My parents went down to see Caroline before sitting in recovery with me. The neonatologist said that Caroline had lost a lot of blood and oxygen. The NICU team placed her on a ventilator because the meconium badly damaged her lungs. She was receiving a blood transfusion. She would need cooling therapy because she was without oxygen for so long and was considered hypoxic. Her chances of survival were quite small, as the neonatologists believed her organs would shut down. If she miraculously survived, she would have severe brain damage.
When I saw Caroline for the first time, she was hooked up to many machines, wearing earmuffs and sunglasses to reduce stimulation of her brain. Lying flat in my bed due to the spinal block, I could not really see her around the medical equipment. My nurses wheeled me back to my room to rest. Labor and delivery is an eerie place to recover without your baby.
About every 30 minutes I asked, “When can I see my baby?” They wheeled me down the next day to see her baptized, in case she did not survive. My recovery was a moot point. I did not care about myself or the pain I felt. I peed as soon as the catheter came out, regardless of how badly it hurt. I walked all up and down the halls, because each step I was closer to being with my baby. I did not want to take the pain medicine because it made me too foggy.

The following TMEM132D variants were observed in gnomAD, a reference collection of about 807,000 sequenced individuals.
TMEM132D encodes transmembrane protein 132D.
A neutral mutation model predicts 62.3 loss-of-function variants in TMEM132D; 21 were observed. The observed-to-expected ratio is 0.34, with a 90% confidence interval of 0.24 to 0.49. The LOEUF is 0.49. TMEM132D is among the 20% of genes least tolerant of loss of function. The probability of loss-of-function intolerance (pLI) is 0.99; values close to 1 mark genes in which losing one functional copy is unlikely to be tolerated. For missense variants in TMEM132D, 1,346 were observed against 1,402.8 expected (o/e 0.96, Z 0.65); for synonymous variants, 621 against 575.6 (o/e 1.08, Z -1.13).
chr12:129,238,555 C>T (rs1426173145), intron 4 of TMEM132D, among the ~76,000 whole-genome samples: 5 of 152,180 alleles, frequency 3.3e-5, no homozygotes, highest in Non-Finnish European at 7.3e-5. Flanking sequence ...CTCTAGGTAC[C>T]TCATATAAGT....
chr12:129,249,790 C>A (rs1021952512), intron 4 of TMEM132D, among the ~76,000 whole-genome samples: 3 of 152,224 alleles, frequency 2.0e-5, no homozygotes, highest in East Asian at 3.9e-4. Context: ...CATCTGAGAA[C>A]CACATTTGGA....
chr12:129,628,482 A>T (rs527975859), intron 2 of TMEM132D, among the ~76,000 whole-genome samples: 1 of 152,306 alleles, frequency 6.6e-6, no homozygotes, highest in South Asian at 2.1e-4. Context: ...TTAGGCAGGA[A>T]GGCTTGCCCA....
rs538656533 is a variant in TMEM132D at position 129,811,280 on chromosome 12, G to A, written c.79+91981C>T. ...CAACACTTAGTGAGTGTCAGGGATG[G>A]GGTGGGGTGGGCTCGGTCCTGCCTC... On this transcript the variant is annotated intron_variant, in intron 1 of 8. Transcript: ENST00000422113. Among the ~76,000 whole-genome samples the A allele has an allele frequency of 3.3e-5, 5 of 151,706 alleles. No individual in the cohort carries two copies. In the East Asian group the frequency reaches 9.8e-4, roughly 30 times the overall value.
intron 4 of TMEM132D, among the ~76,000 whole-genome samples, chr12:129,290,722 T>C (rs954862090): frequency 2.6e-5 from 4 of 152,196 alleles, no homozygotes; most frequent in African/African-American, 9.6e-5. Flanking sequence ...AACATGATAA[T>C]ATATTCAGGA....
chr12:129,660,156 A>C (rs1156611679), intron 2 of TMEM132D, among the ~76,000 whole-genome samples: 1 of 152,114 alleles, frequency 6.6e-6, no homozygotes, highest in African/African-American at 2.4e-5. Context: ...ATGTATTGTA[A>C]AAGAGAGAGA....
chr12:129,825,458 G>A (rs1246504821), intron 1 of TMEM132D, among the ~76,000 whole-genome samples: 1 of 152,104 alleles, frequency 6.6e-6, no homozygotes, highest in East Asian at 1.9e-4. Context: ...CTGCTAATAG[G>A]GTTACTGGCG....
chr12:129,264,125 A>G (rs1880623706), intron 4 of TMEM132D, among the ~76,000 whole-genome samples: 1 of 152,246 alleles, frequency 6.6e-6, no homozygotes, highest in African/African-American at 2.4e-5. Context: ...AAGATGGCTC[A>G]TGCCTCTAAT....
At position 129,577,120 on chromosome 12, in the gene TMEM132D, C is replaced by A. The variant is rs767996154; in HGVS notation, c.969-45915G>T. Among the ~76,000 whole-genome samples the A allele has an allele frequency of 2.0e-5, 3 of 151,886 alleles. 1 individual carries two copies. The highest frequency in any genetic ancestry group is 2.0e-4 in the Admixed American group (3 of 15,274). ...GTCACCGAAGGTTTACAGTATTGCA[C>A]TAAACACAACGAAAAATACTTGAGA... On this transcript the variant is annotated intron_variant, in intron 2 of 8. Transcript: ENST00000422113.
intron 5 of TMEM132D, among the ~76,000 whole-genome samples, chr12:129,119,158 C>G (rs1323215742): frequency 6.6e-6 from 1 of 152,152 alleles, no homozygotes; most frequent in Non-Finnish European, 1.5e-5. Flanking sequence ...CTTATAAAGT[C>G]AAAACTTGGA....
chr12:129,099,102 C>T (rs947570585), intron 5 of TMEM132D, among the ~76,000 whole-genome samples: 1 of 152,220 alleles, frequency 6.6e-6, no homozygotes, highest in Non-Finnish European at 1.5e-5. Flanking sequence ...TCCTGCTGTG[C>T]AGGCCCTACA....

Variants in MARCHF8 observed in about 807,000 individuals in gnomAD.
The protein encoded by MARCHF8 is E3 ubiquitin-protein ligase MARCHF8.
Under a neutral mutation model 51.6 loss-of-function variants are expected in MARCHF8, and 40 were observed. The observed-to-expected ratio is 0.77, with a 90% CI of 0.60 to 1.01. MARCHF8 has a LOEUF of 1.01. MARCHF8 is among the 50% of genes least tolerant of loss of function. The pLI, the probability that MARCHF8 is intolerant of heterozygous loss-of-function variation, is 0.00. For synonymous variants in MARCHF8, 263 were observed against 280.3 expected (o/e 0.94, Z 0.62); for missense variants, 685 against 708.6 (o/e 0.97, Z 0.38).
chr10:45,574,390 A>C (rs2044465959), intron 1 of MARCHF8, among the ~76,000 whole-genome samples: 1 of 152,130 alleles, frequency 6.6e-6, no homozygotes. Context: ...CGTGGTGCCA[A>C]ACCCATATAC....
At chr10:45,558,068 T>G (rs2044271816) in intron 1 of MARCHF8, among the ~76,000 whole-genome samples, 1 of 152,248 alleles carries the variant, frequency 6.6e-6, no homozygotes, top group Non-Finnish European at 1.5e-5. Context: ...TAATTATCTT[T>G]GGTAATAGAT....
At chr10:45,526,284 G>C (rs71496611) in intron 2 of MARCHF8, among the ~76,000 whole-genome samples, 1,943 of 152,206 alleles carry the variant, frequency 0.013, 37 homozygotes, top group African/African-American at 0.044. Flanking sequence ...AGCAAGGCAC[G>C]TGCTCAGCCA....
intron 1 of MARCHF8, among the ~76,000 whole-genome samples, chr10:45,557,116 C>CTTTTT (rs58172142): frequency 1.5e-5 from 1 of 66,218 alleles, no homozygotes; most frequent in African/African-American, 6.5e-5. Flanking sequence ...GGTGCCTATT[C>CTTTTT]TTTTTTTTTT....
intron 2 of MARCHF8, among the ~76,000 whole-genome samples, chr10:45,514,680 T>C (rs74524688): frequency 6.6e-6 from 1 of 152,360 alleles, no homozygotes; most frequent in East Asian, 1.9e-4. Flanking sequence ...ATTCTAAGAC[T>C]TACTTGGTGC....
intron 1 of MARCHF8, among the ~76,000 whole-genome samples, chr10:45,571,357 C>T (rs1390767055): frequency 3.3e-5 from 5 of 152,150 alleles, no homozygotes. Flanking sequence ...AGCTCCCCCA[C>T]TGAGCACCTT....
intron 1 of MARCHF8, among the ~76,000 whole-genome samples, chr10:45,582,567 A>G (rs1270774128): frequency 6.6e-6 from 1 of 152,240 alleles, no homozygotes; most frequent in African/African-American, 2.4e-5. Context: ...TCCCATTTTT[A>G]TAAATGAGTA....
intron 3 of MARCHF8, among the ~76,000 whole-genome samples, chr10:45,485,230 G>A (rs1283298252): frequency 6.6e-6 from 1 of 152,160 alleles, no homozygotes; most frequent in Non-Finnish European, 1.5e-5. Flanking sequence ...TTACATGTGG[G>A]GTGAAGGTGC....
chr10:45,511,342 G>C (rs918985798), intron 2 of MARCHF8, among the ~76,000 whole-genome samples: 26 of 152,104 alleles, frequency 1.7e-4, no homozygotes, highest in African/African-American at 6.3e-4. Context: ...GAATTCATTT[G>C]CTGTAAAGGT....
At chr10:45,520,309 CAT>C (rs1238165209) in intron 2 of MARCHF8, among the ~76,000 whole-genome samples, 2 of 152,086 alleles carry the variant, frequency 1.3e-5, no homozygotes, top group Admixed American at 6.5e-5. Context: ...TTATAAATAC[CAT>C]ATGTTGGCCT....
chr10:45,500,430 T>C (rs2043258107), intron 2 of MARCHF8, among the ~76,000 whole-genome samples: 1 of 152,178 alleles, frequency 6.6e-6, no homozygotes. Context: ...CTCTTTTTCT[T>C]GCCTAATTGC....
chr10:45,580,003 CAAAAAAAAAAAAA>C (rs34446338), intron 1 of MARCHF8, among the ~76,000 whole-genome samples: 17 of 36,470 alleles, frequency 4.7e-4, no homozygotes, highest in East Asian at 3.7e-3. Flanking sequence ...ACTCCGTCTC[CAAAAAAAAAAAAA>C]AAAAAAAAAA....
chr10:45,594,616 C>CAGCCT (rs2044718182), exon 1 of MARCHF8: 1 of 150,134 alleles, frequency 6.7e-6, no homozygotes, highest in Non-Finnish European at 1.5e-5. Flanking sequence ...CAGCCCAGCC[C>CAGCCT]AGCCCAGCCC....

When Caroline was 36 hours old, she stopped responding to the ventilator and nitric oxide. It was quite literally a decision of life or death as the head of the NICU explained the risks associated with going on ECMO, and what would happen if we did not place our daughter on ECMO. ECMO, or extracorporeal membrane oxygenation, is a heart and lung bypass. This would allow the machine to breathe for her while her lungs healed. The risks included brain bleeds and death. I looked at the doctor and my husband and said, “If we don’t put her on ECMO, she will die anyway, so this is not much of a decision. “
Caroline went onto ECMO without any issues. The days were a blur of visitors, pumping and looking at my sedated newborn. When she was about three days old, I started to understand what really happened to her. I missed her dearly inside my womb. I cried myself to sleep each night because I was lonely only for her. I had a baby who I had never seen open her eyes, heard her cry, much less gotten to hold her.
At 72 hours old, the doctors began weaning Caroline off cooling therapy. She came out of it perfectly without any seizures. After five days of ECMO, she was able to breathe through a ventilator again.